Thiry’s turnaround of DaVita, along with his unconventional approach to leadership, have granted him a savior’s devotion from his 41,000 employees, known in company parlance as “teammates” or “citizens.” Though many of DaVita’s low-level employees make a modest hourly wage, the company’s nurses, technicians, and administrators, scattered throughout more than 1,800 dialysis clinics in the United States (with an expanding roster of international centers), are beneficiaries of morale-boosting financial, wellness, and scholarship programs that have landed DaVita atop numerous best-companies-to-work-for lists. At the Nashville conference, teammates swoon with gratitude and company pride. Back home at their clinics, devotees demonstrate commitment to DaVita by contributing to “Walls of Fame”—collages of photos and artwork dedicated to the organization’s patients and caregivers—and enjoying DaVita’s myriad perks and initiatives. “KT uses this phrase—and I really believe it—that ‘a village produces most what it honors most,’ ” says Shelly Azen, a Pennsylvania-based group director of people services (that’s DaVita-speak for human resources). “Every single person is expected to make a difference, and the more you honor the Core Values, the more you see them happen.”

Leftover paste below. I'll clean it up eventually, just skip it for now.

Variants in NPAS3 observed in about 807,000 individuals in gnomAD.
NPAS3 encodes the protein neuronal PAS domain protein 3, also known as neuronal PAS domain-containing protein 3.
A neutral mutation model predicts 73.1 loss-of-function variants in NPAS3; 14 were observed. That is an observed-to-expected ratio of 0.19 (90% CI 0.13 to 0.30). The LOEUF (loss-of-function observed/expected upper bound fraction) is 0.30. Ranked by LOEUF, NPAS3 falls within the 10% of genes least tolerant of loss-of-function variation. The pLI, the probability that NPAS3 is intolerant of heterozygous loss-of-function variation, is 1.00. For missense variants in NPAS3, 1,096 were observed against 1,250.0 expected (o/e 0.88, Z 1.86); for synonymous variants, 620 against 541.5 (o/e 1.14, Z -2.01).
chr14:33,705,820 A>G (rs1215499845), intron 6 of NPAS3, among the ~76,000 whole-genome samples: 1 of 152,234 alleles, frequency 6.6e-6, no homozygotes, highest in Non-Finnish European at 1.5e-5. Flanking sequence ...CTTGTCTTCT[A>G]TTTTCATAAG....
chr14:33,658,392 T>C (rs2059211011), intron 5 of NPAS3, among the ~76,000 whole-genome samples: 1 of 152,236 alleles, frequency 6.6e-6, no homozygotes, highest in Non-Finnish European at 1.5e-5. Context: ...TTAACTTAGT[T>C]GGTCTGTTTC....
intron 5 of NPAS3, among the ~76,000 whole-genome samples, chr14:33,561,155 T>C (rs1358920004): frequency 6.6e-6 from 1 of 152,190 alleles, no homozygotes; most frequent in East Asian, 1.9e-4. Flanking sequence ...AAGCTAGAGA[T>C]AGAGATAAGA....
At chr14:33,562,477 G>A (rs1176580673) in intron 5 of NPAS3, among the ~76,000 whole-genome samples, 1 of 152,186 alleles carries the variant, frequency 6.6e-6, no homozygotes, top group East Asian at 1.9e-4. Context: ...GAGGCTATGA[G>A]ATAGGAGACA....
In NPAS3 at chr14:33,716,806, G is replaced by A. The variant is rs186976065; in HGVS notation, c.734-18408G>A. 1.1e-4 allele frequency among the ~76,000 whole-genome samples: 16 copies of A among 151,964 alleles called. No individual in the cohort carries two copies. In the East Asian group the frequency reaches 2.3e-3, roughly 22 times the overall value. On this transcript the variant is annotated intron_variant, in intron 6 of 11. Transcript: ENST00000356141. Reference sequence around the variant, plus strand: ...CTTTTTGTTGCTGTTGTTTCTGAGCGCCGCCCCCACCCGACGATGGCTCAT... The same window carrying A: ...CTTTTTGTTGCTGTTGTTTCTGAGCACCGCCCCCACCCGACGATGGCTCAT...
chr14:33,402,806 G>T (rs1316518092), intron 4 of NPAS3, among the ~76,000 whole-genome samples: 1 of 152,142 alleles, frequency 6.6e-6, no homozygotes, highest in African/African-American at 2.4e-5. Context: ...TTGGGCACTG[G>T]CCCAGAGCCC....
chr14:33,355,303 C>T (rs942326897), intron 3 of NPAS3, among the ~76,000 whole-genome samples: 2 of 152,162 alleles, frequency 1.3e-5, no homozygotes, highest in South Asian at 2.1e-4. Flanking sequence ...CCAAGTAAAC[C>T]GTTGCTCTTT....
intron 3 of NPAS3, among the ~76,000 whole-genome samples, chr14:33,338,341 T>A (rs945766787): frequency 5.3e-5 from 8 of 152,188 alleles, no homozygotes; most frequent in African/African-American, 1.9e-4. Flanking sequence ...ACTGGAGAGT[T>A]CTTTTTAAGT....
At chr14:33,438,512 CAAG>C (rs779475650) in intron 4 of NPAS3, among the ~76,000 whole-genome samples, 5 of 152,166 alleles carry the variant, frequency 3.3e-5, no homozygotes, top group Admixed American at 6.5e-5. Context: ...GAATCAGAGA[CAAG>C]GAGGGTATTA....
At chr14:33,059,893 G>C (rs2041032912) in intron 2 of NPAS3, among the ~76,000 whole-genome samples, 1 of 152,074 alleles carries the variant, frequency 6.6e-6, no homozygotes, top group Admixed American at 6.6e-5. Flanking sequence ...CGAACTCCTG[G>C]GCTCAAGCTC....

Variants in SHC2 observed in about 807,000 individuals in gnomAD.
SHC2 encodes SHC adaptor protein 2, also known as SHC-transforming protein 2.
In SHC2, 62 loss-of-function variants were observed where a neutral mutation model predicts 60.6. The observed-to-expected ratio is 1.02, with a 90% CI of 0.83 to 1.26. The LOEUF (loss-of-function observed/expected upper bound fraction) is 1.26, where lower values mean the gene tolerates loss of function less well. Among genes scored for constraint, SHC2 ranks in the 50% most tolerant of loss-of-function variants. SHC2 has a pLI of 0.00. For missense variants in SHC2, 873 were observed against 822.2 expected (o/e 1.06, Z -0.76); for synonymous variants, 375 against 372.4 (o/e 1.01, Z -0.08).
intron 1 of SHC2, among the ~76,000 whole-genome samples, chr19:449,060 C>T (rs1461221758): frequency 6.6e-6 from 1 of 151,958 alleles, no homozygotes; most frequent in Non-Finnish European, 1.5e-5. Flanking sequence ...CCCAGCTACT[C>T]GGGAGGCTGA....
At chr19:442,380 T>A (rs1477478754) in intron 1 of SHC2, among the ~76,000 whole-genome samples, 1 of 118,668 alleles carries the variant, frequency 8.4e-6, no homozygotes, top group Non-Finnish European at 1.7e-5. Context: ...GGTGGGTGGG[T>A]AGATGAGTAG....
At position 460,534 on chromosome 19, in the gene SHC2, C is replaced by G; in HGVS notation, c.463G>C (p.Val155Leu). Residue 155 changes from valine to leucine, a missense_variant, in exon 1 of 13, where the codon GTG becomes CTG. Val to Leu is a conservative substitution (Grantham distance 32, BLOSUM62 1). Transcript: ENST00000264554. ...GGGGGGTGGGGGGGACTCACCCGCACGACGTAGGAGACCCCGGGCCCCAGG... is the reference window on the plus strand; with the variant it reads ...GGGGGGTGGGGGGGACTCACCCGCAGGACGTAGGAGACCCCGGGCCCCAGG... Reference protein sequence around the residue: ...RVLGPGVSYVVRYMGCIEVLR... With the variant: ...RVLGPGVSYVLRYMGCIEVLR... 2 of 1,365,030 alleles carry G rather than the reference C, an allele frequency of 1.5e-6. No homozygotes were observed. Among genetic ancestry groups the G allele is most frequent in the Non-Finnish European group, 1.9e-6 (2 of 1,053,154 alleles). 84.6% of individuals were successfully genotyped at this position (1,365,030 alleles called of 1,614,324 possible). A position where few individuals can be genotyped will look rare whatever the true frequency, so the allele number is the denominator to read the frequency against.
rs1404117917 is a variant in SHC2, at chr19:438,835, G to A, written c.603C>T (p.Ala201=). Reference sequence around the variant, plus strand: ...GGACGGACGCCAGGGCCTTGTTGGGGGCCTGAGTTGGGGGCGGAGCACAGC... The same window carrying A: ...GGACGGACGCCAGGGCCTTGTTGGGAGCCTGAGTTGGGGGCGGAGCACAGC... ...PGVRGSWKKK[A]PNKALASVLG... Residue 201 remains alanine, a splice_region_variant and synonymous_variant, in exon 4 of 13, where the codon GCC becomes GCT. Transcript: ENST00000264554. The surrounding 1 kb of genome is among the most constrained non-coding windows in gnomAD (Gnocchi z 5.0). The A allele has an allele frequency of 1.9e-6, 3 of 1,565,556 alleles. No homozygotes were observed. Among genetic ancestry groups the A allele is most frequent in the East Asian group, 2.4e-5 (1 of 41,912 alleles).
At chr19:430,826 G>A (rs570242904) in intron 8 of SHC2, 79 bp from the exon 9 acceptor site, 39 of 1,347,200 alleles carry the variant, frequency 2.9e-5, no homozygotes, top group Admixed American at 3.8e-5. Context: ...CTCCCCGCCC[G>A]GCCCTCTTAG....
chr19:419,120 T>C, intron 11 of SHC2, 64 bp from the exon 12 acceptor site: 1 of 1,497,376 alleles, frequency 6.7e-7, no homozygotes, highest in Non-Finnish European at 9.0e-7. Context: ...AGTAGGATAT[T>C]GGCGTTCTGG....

Azen, like every “teammate” I meet, radiates an almost evangelical loyalty to the company. Neither she nor anyone else I encounter acknowledges what can be seen as DaVita’s darker side: the years-long onslaught of lawsuits that accuse the company of everything from patient neglect and unfair business practices to Medicare fraud; federal investigations into its income statements; and the overarching fact that DaVita’s profits derive primarily from a taxpayer-funded health-care system that, according to critics, is driven by inefficiencies, conflicts of interest, and overbilling. These public-relations inconveniences will receive scant attention at this year’s Nationwide. The event, as any dedicated employee knows, is a time to celebrate, a time to embrace the “DaVita Way.”